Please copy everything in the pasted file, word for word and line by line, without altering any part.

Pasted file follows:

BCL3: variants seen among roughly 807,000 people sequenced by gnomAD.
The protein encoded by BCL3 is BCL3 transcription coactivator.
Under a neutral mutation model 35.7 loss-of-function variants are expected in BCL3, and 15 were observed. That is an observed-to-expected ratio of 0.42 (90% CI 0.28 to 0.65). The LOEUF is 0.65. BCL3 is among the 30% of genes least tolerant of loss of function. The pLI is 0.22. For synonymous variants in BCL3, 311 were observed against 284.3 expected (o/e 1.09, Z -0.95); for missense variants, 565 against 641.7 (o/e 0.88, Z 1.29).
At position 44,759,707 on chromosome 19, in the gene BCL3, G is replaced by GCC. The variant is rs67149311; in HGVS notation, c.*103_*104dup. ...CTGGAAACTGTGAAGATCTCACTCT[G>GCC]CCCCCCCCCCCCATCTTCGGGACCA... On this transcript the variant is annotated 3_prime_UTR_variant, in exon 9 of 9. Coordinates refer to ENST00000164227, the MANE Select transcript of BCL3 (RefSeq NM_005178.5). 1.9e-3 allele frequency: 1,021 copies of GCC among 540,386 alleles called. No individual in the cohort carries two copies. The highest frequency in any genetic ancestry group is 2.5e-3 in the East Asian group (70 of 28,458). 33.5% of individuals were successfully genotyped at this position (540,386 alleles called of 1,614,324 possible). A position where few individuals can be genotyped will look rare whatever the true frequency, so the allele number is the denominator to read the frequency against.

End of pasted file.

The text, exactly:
BCL3: variants seen among roughly 807,000 people sequenced by gnomAD.
The protein encoded by BCL3 is BCL3 transcription coactivator.
Under a neutral mutation model 35.7 loss-of-function variants are expected in BCL3, and 15 were observed. That is an observed-to-expected ratio of 0.42 (90% CI 0.28 to 0.65). The LOEUF is 0.65. BCL3 is among the 30% of genes least tolerant of loss of function. The pLI is 0.22. For synonymous variants in BCL3, 311 were observed against 284.3 expected (o/e 1.09, Z -0.95); for missense variants, 565 against 641.7 (o/e 0.88, Z 1.29).
At position 44,759,707 on chromosome 19, in the gene BCL3, G is replaced by GCC. The variant is rs67149311; in HGVS notation, c.*103_*104dup. ...CTGGAAACTGTGAAGATCTCACTCT[G>GCC]CCCCCCCCCCCCATCTTCGGGACCA... On this transcript the variant is annotated 3_prime_UTR_variant, in exon 9 of 9. Coordinates refer to ENST00000164227, the MANE Select transcript of BCL3 (RefSeq NM_005178.5). 1.9e-3 allele frequency: 1,021 copies of GCC among 540,386 alleles called. No individual in the cohort carries two copies. The highest frequency in any genetic ancestry group is 2.5e-3 in the East Asian group (70 of 28,458). 33.5% of individuals were successfully genotyped at this position (540,386 alleles called of 1,614,324 possible). A position where few individuals can be genotyped will look rare whatever the true frequency, so the allele number is the denominator to read the frequency against.